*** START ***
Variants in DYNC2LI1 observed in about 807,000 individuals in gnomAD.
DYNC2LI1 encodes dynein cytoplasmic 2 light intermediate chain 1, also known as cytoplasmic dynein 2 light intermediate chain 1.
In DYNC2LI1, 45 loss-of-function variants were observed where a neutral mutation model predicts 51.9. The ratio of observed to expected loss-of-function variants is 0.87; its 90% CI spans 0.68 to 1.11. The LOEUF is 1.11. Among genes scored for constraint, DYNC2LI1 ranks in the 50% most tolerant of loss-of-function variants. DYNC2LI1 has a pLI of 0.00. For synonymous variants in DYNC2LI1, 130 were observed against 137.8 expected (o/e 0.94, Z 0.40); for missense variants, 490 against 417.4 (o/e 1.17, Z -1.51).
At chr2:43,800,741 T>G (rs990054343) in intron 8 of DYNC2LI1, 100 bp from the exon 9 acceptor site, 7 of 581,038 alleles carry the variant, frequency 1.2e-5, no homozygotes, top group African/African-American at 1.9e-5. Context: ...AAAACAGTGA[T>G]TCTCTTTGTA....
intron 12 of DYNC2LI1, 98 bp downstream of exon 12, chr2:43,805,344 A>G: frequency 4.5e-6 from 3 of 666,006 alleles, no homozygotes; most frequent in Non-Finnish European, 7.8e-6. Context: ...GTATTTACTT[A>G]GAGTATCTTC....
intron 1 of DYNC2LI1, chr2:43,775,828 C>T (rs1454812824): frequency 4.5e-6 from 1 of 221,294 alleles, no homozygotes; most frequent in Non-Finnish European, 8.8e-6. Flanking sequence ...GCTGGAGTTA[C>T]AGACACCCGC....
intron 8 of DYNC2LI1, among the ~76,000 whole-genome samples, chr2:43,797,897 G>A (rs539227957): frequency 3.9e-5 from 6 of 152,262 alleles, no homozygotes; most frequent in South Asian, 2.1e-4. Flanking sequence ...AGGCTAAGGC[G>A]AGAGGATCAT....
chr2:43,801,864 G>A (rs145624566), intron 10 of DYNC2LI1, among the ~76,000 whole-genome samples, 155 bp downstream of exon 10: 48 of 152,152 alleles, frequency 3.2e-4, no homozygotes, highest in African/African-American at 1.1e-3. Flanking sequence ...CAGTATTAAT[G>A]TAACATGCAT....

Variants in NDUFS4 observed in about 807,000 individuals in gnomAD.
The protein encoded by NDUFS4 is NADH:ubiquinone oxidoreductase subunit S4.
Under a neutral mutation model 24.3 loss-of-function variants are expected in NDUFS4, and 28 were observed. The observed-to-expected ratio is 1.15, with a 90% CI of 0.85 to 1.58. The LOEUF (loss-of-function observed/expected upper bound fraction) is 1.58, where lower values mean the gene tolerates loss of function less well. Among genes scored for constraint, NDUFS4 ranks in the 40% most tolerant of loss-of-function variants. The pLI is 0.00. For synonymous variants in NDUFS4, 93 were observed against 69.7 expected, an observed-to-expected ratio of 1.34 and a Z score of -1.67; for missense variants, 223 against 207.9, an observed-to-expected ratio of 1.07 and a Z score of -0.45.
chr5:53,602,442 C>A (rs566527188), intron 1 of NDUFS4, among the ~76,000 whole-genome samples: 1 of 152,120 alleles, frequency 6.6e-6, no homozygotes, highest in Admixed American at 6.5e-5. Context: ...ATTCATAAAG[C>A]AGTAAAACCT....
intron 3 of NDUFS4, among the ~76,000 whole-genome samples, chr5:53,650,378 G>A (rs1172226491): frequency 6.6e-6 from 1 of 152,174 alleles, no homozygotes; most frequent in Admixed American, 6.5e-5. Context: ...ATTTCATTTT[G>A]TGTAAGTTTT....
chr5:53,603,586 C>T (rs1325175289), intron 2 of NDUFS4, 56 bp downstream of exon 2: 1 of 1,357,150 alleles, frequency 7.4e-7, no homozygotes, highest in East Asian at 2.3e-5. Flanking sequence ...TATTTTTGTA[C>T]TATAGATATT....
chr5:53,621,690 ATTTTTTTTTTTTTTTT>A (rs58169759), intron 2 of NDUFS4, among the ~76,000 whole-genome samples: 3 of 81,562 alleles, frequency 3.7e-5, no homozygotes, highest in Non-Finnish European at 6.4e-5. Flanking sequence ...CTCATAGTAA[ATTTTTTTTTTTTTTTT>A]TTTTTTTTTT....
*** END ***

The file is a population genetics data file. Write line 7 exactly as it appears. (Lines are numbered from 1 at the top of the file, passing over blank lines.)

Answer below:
intron 8 of DYNC2LI1, among the ~76,000 whole-genome samples, chr2:43,797,897 G>A (rs539227957): frequency 3.9e-5 from 6 of 152,262 alleles, no homozygotes; most frequent in South Asian, 2.1e-4. Flanking sequence ...AGGCTAAGGC[G>A]AGAGGATCAT....